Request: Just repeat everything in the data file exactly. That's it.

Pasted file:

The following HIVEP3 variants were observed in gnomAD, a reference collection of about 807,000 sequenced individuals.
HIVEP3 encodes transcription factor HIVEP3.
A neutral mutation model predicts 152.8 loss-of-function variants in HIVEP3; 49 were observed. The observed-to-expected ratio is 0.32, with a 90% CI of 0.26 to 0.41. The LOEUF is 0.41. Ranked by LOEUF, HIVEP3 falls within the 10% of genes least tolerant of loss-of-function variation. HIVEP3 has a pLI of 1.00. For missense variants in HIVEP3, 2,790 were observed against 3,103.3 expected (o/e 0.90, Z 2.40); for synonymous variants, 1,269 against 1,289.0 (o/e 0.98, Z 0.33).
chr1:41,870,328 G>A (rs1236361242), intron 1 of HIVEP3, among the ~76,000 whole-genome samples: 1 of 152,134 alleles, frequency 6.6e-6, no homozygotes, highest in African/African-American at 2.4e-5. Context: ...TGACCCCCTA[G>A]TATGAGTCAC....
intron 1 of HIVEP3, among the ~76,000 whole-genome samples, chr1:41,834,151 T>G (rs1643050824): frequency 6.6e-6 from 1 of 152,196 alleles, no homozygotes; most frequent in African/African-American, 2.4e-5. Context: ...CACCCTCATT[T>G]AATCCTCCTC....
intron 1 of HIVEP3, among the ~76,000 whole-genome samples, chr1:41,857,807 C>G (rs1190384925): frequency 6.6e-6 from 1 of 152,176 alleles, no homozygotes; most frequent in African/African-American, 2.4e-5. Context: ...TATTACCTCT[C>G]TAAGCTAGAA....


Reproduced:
The following HIVEP3 variants were observed in gnomAD, a reference collection of about 807,000 sequenced individuals.
HIVEP3 encodes transcription factor HIVEP3.
A neutral mutation model predicts 152.8 loss-of-function variants in HIVEP3; 49 were observed. The observed-to-expected ratio is 0.32, with a 90% CI of 0.26 to 0.41. The LOEUF is 0.41. Ranked by LOEUF, HIVEP3 falls within the 10% of genes least tolerant of loss-of-function variation. HIVEP3 has a pLI of 1.00. For missense variants in HIVEP3, 2,790 were observed against 3,103.3 expected (o/e 0.90, Z 2.40); for synonymous variants, 1,269 against 1,289.0 (o/e 0.98, Z 0.33).
chr1:41,870,328 G>A (rs1236361242), intron 1 of HIVEP3, among the ~76,000 whole-genome samples: 1 of 152,134 alleles, frequency 6.6e-6, no homozygotes, highest in African/African-American at 2.4e-5. Context: ...TGACCCCCTA[G>A]TATGAGTCAC....
intron 1 of HIVEP3, among the ~76,000 whole-genome samples, chr1:41,834,151 T>G (rs1643050824): frequency 6.6e-6 from 1 of 152,196 alleles, no homozygotes; most frequent in African/African-American, 2.4e-5. Context: ...CACCCTCATT[T>G]AATCCTCCTC....
intron 1 of HIVEP3, among the ~76,000 whole-genome samples, chr1:41,857,807 C>G (rs1190384925): frequency 6.6e-6 from 1 of 152,176 alleles, no homozygotes; most frequent in African/African-American, 2.4e-5. Context: ...TATTACCTCT[C>G]TAAGCTAGAA....